Over the past quarter century, progress has been made in studying complex systems, from insect colonies to financial markets to the human brain. These advances have often been directly linked to the availability of powerful computational tools that permit researchers to probe vast amounts of data and to run large-scale simulations and models. Intriguing correlations have been discovered across a range of fields.
But the precise meaning of complexity remains elusive. Though we have come to understand some key properties of complex systems, including network structure, robustness, modularity, and adaptive dynamics, we still have few unifying concepts. Nor have we established a precise and universally accepted measure of complexity. Many different measures have been proposed, but all of them have both theoretical and practical limitations. At the same time, the broader conceptual and philosophical implications of complexity remain open to many different interpretations.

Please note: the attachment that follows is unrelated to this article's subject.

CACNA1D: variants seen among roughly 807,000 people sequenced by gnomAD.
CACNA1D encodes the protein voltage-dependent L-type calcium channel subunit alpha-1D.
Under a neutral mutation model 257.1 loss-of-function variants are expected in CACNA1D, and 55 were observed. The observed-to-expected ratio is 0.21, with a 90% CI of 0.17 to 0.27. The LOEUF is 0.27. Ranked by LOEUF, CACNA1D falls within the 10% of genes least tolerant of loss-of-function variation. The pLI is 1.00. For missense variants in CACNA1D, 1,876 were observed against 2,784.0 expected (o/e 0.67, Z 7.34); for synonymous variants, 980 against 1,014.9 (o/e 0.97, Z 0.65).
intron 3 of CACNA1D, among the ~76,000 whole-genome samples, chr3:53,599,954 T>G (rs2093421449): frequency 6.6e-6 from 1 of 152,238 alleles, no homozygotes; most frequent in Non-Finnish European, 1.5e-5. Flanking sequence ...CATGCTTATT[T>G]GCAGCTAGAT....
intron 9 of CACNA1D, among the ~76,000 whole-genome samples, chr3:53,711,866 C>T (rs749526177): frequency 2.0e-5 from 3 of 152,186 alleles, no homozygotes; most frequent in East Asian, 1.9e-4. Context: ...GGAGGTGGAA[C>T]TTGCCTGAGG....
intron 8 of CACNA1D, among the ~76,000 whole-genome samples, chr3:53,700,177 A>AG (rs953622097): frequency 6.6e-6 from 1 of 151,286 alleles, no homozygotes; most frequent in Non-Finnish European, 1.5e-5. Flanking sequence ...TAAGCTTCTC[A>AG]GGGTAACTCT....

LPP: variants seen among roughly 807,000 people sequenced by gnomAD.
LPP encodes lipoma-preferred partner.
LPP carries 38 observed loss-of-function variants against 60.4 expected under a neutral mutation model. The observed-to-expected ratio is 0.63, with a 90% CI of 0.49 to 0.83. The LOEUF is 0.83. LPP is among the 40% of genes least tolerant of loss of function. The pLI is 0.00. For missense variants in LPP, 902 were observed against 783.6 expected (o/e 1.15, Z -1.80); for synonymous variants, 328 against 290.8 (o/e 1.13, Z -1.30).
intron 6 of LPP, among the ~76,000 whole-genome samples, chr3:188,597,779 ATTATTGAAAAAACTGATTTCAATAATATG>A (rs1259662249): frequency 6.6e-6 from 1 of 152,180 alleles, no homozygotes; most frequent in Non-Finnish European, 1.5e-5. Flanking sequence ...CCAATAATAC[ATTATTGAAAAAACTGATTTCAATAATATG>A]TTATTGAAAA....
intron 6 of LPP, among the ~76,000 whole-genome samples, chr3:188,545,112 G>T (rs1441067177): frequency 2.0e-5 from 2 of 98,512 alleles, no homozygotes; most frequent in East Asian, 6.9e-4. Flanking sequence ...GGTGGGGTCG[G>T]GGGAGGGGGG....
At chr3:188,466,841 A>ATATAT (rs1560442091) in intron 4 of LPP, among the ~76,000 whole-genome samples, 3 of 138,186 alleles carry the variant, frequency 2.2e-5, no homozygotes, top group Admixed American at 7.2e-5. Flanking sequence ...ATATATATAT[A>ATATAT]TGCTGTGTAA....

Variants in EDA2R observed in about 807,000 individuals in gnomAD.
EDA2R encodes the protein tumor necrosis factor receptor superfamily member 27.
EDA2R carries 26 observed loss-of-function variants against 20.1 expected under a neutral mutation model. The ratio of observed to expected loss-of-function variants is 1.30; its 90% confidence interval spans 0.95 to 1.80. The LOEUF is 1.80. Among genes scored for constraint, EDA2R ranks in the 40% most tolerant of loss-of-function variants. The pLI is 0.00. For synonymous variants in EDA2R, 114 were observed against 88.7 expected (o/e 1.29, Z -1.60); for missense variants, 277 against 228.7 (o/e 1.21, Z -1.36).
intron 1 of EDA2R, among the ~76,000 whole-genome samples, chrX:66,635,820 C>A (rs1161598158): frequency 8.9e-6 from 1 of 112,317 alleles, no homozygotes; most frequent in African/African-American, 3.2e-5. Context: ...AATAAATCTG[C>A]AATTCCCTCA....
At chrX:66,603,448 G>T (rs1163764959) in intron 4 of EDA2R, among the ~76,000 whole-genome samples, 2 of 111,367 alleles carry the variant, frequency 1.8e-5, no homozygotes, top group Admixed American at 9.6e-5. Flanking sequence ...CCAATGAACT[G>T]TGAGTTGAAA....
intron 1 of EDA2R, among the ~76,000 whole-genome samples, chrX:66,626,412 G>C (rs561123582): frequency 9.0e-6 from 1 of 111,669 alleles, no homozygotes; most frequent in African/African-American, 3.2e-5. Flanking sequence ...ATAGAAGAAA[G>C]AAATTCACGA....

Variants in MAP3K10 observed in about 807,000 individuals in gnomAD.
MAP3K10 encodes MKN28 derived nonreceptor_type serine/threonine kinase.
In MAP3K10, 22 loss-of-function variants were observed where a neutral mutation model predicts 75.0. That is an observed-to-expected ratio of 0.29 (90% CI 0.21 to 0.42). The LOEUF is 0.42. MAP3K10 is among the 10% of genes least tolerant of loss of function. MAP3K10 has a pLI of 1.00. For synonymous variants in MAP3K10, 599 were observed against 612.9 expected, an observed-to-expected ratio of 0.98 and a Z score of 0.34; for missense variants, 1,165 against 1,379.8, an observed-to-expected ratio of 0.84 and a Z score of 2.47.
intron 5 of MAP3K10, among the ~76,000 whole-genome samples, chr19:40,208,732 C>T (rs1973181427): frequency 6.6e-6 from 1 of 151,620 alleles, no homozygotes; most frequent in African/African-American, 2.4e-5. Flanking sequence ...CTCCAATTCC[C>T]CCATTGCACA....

One intention of the Foundation’s 2010 Funding Priority on “The Science and Significance of Complexity” is to encourage researchers who are focused on specific levels of the natural hierarchy—classical and quantum physics, chemistry, molecular and evolutionary biology, cognitive science, human societies—to expand the scope of their work and to seek out collaborative opportunities with researchers in other fields. Within and across scientific disciplines, increasing (or decreasing) complexity might be modeled at different scales, including interactions proceeding top-down and bottom-up.
Areas of complexity that might be most fruitfully explored at this juncture in the development of these nascent sciences include neurocomplexity, complex systems in economics and the social sciences, and genetic and quantum mechanical aspects of the origins of life. We are also interested in what new perspectives, methods, and tools might enrich scientific and popular understandings of complexity, especially new ways of representing and visually depicting complex processes. From a philosophical and theological point of view, we wish to encourage scholarship that asks whether the reality of complexity in varied domains might provide insight into an even more fundamental Reality underlying and sustaining existence and life.
Applicants are asked to address their proposals directly to one or more of the following Big Questions:
Budget range and term for individual projects: From $50,000 to $400,000 and for up to two years